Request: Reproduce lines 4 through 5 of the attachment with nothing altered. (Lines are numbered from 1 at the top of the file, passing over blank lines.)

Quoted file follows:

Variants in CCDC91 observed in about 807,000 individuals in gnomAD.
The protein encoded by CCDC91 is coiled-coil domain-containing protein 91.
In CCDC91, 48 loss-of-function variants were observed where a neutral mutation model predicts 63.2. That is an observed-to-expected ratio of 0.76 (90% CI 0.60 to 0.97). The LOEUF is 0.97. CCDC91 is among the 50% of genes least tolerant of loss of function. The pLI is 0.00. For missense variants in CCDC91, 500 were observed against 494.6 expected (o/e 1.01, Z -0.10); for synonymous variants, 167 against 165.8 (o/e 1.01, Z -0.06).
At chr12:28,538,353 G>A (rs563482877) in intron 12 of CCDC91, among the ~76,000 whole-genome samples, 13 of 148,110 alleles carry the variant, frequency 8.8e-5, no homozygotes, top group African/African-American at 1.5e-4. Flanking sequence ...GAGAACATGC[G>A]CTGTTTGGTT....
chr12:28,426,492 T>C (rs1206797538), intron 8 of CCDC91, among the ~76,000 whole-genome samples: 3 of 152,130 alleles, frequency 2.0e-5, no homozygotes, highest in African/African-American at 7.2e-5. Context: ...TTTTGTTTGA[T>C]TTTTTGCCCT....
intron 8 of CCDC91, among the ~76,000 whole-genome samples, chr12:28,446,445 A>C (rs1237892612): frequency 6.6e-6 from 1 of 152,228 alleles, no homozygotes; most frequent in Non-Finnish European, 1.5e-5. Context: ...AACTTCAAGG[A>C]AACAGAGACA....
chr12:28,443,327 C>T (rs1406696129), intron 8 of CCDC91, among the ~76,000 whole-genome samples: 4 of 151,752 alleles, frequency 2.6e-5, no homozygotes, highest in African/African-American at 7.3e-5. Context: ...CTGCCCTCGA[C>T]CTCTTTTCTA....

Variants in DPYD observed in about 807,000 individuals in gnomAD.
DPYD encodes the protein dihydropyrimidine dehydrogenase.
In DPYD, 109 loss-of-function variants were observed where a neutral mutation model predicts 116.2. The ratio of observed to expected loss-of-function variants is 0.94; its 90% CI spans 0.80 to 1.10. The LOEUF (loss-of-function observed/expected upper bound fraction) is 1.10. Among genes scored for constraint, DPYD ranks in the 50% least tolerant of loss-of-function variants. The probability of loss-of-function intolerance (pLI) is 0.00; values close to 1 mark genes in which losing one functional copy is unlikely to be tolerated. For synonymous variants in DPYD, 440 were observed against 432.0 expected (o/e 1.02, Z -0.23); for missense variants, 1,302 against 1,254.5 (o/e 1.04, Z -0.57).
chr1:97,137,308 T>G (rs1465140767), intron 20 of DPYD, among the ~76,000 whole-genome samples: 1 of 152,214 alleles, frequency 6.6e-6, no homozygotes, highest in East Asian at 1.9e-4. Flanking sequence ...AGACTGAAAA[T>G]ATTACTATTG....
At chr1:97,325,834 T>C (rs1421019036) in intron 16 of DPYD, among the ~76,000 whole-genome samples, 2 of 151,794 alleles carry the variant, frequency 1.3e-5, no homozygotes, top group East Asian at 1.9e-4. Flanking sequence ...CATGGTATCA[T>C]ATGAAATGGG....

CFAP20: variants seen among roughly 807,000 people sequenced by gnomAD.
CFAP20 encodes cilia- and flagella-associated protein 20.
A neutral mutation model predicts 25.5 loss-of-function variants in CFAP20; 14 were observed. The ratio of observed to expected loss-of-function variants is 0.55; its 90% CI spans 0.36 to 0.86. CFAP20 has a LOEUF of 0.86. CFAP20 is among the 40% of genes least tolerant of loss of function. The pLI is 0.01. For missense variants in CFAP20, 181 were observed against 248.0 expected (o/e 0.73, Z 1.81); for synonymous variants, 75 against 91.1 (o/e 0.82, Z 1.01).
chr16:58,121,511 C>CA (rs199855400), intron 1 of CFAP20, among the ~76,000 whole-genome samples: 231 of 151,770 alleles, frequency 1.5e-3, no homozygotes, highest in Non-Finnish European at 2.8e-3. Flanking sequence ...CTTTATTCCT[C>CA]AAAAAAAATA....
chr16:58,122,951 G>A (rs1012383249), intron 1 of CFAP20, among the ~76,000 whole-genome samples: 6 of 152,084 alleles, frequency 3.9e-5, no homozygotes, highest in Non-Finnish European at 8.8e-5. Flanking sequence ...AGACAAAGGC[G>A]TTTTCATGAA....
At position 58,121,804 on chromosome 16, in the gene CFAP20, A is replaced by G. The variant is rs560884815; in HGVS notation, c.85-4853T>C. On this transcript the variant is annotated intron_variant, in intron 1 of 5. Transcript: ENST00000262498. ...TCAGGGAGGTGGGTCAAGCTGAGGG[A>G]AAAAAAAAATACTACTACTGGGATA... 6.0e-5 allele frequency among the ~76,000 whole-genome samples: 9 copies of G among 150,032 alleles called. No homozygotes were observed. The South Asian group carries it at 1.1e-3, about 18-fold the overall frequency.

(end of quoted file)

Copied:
At chr12:28,538,353 G>A (rs563482877) in intron 12 of CCDC91, among the ~76,000 whole-genome samples, 13 of 148,110 alleles carry the variant, frequency 8.8e-5, no homozygotes, top group African/African-American at 1.5e-4. Flanking sequence ...GAGAACATGC[G>A]CTGTTTGGTT....
chr12:28,426,492 T>C (rs1206797538), intron 8 of CCDC91, among the ~76,000 whole-genome samples: 3 of 152,130 alleles, frequency 2.0e-5, no homozygotes, highest in African/African-American at 7.2e-5. Context: ...TTTTGTTTGA[T>C]TTTTTGCCCT....